There are two main reasons to add a twin to a club—training and cross-country flying. Many pilots want the added safety of the second engine for longer flights and the Seneca is designed to go up high and get you where want to go.

With a useful load of 1,500 pounds and 128 gallons of fuel it has a range of 700 to 800 nm in economy cruise. If you want to get to your destination a little faster, the range drops to about 600 nm. Jon-Michael notes that the fuel will take up much of the useful load if you’re going with full tanks. Most of the members traveling with the aircraft are utilizing the plane for its bigger fuel tanks, “which last longer than your bladder will.”

The plane has a glass panel with a Garmin 600 suite, two Garmin 430 GPS, and EDM 760 engine monitor. It also has a service ceiling of 25,000 feet and an oxygen system, so it can get you over the weather and is well equipped if you do encounter IMC. And don’t forget it’s a bigger airplane, which is comfortable to fly in, whether you have two people and bags or if you’re utilizing the club seating for six.

Fun Factor (3 stars)
It’s always fun flying a well-maintained aircraft and Ponderosa’s Seneca is certainly an example of that. But Sharki finds the additional complexity of a twin one of the things that she enjoys most about the airplane. “There are more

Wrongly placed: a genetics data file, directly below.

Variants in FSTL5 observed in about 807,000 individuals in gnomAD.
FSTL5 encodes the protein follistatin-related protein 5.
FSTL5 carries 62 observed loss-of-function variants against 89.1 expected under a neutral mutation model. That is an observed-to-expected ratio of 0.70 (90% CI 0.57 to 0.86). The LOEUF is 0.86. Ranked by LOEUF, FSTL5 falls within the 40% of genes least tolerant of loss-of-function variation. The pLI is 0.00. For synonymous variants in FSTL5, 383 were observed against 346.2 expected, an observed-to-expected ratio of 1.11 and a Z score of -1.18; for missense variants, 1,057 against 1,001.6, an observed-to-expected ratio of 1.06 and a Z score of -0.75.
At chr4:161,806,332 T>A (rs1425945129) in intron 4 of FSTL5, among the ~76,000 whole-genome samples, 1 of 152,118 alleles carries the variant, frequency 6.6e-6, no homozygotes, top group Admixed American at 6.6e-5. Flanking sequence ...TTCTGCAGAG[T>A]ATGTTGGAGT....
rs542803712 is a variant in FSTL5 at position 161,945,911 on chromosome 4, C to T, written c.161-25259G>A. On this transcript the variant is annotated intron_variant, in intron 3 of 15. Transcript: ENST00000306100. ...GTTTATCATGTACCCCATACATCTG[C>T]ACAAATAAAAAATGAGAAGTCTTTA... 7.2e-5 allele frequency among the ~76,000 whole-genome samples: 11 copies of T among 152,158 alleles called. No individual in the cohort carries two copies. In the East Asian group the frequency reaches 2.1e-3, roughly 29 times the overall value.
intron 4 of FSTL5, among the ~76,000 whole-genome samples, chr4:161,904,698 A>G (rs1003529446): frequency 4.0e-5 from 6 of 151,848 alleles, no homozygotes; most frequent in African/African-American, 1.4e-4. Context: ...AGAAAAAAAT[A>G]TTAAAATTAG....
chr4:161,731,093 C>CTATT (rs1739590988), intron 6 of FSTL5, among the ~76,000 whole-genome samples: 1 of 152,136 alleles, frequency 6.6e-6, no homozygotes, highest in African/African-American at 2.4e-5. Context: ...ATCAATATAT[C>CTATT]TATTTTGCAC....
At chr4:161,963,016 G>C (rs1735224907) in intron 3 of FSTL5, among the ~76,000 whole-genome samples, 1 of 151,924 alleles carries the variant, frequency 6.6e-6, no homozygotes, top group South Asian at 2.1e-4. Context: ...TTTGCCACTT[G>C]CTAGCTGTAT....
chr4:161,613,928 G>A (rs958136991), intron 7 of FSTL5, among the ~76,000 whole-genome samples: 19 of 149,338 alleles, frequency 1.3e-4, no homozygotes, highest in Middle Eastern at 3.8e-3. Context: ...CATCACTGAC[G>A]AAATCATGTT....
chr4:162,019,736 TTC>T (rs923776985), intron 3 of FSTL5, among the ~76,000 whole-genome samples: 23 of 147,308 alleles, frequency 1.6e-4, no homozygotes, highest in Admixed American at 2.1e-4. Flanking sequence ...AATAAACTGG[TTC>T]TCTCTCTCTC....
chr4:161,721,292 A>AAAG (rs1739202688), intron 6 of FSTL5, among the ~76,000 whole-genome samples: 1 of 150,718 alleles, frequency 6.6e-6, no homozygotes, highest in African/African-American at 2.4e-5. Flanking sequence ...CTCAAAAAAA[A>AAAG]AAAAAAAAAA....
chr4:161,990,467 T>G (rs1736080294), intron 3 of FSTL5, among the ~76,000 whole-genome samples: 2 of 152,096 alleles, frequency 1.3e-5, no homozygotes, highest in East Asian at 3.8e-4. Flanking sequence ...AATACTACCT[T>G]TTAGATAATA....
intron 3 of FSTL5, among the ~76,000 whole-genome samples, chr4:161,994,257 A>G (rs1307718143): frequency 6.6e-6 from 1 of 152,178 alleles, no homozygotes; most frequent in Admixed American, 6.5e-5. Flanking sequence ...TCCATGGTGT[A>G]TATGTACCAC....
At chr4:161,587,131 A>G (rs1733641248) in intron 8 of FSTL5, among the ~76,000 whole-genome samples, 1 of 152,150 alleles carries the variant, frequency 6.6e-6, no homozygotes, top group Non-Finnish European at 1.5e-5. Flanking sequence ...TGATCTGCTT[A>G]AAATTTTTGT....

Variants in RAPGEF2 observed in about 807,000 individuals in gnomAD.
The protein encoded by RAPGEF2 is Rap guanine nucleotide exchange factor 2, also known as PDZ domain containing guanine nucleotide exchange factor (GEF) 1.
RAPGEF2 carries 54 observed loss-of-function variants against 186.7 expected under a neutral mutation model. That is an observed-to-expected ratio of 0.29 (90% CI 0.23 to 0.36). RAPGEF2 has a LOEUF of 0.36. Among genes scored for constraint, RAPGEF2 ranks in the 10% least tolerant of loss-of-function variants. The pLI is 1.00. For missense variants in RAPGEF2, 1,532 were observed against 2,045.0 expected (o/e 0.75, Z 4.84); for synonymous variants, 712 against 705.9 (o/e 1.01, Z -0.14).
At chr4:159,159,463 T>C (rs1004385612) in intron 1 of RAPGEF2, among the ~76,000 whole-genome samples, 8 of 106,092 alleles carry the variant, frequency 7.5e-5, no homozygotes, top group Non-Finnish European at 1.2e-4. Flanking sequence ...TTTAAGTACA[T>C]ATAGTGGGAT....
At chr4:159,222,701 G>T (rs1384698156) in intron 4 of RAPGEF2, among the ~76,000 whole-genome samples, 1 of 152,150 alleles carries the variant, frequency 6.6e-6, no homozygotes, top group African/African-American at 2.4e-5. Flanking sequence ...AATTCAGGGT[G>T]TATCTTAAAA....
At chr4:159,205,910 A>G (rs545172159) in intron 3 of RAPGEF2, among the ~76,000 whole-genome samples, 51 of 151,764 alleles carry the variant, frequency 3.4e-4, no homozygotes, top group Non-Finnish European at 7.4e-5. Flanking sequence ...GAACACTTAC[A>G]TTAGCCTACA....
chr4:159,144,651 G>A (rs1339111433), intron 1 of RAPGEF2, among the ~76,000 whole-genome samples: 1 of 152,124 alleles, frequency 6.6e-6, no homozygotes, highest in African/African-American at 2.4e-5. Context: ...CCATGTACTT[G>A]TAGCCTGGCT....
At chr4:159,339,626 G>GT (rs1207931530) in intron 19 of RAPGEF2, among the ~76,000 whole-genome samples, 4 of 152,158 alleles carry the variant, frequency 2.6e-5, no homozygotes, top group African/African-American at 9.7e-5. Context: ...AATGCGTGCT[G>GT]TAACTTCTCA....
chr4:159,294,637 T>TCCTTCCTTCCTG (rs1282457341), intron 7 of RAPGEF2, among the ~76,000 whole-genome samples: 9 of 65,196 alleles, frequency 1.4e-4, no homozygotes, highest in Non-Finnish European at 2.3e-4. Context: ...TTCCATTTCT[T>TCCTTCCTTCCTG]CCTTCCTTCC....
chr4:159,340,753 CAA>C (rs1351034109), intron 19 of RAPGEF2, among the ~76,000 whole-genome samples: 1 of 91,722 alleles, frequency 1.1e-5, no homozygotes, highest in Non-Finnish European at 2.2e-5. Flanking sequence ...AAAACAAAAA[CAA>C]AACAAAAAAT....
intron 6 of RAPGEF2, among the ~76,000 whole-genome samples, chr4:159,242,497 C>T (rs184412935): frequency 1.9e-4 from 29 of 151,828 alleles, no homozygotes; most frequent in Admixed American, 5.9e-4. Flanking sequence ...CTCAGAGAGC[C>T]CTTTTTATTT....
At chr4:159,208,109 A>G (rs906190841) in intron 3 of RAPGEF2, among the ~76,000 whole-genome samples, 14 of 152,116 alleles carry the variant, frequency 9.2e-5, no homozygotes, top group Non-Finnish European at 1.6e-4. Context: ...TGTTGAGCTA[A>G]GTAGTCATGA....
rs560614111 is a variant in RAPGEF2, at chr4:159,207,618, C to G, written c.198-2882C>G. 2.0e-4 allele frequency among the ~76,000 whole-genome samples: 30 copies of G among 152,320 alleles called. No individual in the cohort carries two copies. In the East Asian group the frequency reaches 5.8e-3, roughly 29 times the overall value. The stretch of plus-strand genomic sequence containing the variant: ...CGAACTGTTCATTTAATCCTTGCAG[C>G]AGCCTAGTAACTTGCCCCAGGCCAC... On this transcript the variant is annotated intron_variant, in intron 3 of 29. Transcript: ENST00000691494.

systems – I tend to get bored with a Cessna 172. I recently transitioned to an Arrow and soon that won’t be enough,” she said. “There’s more to do and for those pilots who can’t get enough of something, the Seneca offers something else.”

Jon-Michael added, “There are a lot of knobs in a Seneca and the first time you sit down, the six different knobs on the throttle quadrant can be intimidating…but boy is it fun to push all six knobs forward.”

“It’s a beautiful plane,” Sharki said. “And it really is fun to fly.

Overall (3 stars)
Adding a twin to your fleet is a specialty aircraft that will help distinguish your club and could prove to be a good marketing tool. Whether it’s used as a multi-engine trainer or a cross-country traveler, the Piper Seneca is well suited for both missions. While a twin is more expensive to operate than a single engine, the Seneca is a popular aircraft that has been around for 40 years, making it easy to service. In the right club environment it will certainly get plenty of use.

Topics: Flying Club, Multiengine, Aviation Industry